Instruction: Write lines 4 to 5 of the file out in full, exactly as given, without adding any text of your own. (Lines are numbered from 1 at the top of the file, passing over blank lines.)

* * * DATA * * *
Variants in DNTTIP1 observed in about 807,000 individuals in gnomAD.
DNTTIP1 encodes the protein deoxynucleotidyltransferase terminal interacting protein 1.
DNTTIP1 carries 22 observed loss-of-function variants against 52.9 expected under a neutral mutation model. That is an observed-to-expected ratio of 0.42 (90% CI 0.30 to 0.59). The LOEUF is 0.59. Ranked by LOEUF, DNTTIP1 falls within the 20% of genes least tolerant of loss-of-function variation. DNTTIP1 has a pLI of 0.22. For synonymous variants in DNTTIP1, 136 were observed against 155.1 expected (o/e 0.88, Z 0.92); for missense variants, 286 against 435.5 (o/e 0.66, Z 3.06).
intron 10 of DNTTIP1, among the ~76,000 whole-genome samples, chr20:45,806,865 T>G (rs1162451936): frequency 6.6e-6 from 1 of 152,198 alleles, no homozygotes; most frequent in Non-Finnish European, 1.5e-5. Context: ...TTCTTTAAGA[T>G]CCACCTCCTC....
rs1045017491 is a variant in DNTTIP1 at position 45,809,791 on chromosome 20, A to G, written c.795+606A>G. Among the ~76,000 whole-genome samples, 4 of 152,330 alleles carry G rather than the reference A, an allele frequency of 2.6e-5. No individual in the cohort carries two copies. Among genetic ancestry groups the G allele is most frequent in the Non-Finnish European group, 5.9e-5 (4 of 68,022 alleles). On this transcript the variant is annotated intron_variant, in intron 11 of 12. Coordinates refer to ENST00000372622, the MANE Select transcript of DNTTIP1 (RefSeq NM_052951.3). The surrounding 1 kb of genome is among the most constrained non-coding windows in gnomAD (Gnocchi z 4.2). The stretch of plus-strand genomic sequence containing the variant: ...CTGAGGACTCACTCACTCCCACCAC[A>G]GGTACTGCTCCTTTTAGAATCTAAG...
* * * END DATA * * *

intron 10 of DNTTIP1, among the ~76,000 whole-genome samples, chr20:45,806,865 T>G (rs1162451936): frequency 6.6e-6 from 1 of 152,198 alleles, no homozygotes; most frequent in Non-Finnish European, 1.5e-5. Context: ...TTCTTTAAGA[T>G]CCACCTCCTC....
rs1045017491 is a variant in DNTTIP1 at position 45,809,791 on chromosome 20, A to G, written c.795+606A>G. Among the ~76,000 whole-genome samples, 4 of 152,330 alleles carry G rather than the reference A, an allele frequency of 2.6e-5. No individual in the cohort carries two copies. Among genetic ancestry groups the G allele is most frequent in the Non-Finnish European group, 5.9e-5 (4 of 68,022 alleles). On this transcript the variant is annotated intron_variant, in intron 11 of 12. Coordinates refer to ENST00000372622, the MANE Select transcript of DNTTIP1 (RefSeq NM_052951.3). The surrounding 1 kb of genome is among the most constrained non-coding windows in gnomAD (Gnocchi z 4.2). The stretch of plus-strand genomic sequence containing the variant: ...CTGAGGACTCACTCACTCCCACCAC[A>G]GGTACTGCTCCTTTTAGAATCTAAG...